Now, technically, it wasn’t the worst date I’ve ever been on. Nor does it compare to some of my friends’ worst first date stories (like Corey’s infamous “bowling date,” any one of Kelly’s, or even my friend Paul who has some of the biggest freak magnet stories I’ve ever heard). Heck, I doubt it ranks among the stories on DateWrecks. But for me, it was just brutal. So, obviously, I have to tell the tale.

"Don't worry, I'm hot."

"Don't worry, I'm hot."

I was freshly moved back to PA and living at mom’s — not because I wanted to — but because it allowed me to save up some cash for a new car that I knew I would need since my truck was 2WD. I had just started working. Things were good.

We met online. Said woman e-mailed me — no picture on her profile. That’s always an immediate red flag, but I’m a daredevil. We chatted. We seemed to have a lot in common. She was from out west, here for school. She was very into dancing (I believe she said she taught belly dancing or something along those lines). Articulate. Obviously very bright. When it came down to her physical looks, she said, “Don’t worry, I’m hot.” Red hair. A little on the taller side. I have to admit, I was curious. So for our first meeting, we agreed to meet at The Elbow Room in Shadyside.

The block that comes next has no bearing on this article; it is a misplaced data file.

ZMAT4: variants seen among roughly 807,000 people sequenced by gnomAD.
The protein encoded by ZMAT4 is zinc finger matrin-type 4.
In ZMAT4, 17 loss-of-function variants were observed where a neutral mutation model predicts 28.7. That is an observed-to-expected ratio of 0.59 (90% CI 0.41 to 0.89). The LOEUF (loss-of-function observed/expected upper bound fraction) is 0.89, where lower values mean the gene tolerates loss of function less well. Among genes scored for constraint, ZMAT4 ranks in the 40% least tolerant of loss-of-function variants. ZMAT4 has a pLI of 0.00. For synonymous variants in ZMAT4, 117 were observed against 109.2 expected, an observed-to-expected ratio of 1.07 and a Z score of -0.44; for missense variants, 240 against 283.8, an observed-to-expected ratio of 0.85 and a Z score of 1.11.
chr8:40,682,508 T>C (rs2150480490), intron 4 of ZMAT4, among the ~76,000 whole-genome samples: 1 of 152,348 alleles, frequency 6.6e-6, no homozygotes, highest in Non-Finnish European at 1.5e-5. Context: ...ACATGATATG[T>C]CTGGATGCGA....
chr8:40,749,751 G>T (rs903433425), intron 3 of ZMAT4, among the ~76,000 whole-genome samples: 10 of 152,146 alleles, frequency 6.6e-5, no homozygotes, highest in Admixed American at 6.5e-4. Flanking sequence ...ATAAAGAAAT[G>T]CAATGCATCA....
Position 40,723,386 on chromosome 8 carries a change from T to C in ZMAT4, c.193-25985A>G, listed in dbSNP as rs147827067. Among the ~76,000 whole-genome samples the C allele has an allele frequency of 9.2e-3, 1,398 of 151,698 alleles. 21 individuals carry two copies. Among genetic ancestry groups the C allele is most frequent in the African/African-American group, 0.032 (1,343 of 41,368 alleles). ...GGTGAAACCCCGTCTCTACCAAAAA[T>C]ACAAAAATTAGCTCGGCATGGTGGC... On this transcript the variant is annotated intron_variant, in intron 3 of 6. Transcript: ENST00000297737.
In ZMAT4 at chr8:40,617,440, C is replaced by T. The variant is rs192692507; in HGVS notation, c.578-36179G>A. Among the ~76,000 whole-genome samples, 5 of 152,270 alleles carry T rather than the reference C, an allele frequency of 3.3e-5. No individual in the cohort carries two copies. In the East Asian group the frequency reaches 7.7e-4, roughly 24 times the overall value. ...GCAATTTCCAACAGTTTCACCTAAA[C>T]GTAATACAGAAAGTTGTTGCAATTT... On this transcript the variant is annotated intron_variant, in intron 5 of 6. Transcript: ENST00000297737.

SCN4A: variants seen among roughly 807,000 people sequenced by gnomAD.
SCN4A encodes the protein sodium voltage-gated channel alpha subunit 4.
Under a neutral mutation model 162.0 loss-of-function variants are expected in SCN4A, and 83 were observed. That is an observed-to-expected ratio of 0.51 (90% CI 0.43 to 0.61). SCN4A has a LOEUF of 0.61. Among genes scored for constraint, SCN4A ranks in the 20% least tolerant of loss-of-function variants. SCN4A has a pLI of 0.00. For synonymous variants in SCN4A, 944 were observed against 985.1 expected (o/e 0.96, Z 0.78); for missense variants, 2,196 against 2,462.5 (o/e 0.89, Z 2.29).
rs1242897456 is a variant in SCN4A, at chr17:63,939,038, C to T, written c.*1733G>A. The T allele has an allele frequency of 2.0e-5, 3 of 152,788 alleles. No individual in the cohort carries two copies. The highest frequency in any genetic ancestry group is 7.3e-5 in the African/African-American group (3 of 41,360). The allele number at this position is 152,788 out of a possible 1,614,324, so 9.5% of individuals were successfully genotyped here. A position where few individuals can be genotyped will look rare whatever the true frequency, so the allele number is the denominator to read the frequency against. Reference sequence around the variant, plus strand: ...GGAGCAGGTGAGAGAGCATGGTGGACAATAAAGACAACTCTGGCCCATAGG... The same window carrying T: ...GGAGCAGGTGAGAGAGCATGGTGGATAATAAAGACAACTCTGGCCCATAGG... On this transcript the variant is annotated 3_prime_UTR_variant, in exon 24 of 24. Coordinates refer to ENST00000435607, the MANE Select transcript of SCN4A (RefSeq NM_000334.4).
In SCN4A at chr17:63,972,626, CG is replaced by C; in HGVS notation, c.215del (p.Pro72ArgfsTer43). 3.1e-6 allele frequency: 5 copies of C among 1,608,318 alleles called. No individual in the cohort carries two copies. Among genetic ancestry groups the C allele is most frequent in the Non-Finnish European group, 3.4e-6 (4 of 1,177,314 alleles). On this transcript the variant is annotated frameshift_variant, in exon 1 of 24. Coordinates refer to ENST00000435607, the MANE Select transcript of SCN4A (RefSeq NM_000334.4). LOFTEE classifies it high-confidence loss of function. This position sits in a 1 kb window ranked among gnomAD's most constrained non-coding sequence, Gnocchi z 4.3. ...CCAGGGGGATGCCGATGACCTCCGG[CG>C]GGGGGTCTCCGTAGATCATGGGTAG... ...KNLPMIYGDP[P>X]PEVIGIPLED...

I get there early, and have a beer at the bar. About 5 minutes later, she strolls in, and my first thought is — and I remember this distinctly — “Wow, you so aren’t hot.”

"I'm not hot, I'm just drawn that way."

Now, that may seem cruel, but let me phrase it this way: We all have different definitions of hot, and mine is pretty high. In my mind, if you’re going around saying “Don’t worry, I’m hot,” you better be looking like Jessica Rabbit personified — because if she were real, she’d be really freakin’ hot. If the date would have said “Don’t worry, I’m cute,” or “Don’t worry, I don’t have 3 eyes and hunchback,”  hey, cool. Heck, I’d even accept “Don’t worry, I’m hawt,” and expect someone who looks normal. With her, she was attractive … but she wasn’t my type, and definitely was not among the “I’m hot!” category.

But, even though there wasn’t that physical spark, I figured we were here, so let’s make the best of it and see if there’s any kind of mental connection. Sounds good, right? Right.